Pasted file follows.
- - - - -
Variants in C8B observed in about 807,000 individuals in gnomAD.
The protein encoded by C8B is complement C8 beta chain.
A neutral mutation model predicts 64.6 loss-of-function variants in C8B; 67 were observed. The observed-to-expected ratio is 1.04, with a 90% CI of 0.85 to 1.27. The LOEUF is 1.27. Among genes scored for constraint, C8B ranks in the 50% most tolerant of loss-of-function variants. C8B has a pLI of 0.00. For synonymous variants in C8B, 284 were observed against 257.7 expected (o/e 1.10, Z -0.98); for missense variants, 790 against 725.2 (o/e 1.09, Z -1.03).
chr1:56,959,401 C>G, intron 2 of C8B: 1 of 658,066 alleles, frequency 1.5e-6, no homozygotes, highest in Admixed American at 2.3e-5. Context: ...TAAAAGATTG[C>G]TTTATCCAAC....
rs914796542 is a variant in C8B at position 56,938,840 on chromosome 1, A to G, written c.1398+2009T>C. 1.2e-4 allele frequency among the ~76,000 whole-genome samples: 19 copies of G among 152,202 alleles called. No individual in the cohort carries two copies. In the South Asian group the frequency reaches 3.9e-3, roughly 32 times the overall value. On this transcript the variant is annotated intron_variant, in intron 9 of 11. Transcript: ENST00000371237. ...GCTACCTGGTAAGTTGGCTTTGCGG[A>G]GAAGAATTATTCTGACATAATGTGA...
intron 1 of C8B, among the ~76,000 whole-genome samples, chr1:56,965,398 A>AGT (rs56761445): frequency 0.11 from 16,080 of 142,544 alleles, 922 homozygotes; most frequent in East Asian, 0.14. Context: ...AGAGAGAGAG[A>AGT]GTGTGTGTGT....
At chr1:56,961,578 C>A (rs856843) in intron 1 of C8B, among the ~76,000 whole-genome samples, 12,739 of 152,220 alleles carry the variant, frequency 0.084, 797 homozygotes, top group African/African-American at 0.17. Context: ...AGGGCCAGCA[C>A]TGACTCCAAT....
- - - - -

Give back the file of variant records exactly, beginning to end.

Variants in C8B observed in about 807,000 individuals in gnomAD.
The protein encoded by C8B is complement C8 beta chain.
A neutral mutation model predicts 64.6 loss-of-function variants in C8B; 67 were observed. The observed-to-expected ratio is 1.04, with a 90% CI of 0.85 to 1.27. The LOEUF is 1.27. Among genes scored for constraint, C8B ranks in the 50% most tolerant of loss-of-function variants. C8B has a pLI of 0.00. For synonymous variants in C8B, 284 were observed against 257.7 expected (o/e 1.10, Z -0.98); for missense variants, 790 against 725.2 (o/e 1.09, Z -1.03).
chr1:56,959,401 C>G, intron 2 of C8B: 1 of 658,066 alleles, frequency 1.5e-6, no homozygotes, highest in Admixed American at 2.3e-5. Context: ...TAAAAGATTG[C>G]TTTATCCAAC....
rs914796542 is a variant in C8B at position 56,938,840 on chromosome 1, A to G, written c.1398+2009T>C. 1.2e-4 allele frequency among the ~76,000 whole-genome samples: 19 copies of G among 152,202 alleles called. No individual in the cohort carries two copies. In the South Asian group the frequency reaches 3.9e-3, roughly 32 times the overall value. On this transcript the variant is annotated intron_variant, in intron 9 of 11. Transcript: ENST00000371237. ...GCTACCTGGTAAGTTGGCTTTGCGG[A>G]GAAGAATTATTCTGACATAATGTGA...
intron 1 of C8B, among the ~76,000 whole-genome samples, chr1:56,965,398 A>AGT (rs56761445): frequency 0.11 from 16,080 of 142,544 alleles, 922 homozygotes; most frequent in East Asian, 0.14. Context: ...AGAGAGAGAG[A>AGT]GTGTGTGTGT....
At chr1:56,961,578 C>A (rs856843) in intron 1 of C8B, among the ~76,000 whole-genome samples, 12,739 of 152,220 alleles carry the variant, frequency 0.084, 797 homozygotes, top group African/African-American at 0.17. Context: ...AGGGCCAGCA[C>A]TGACTCCAAT....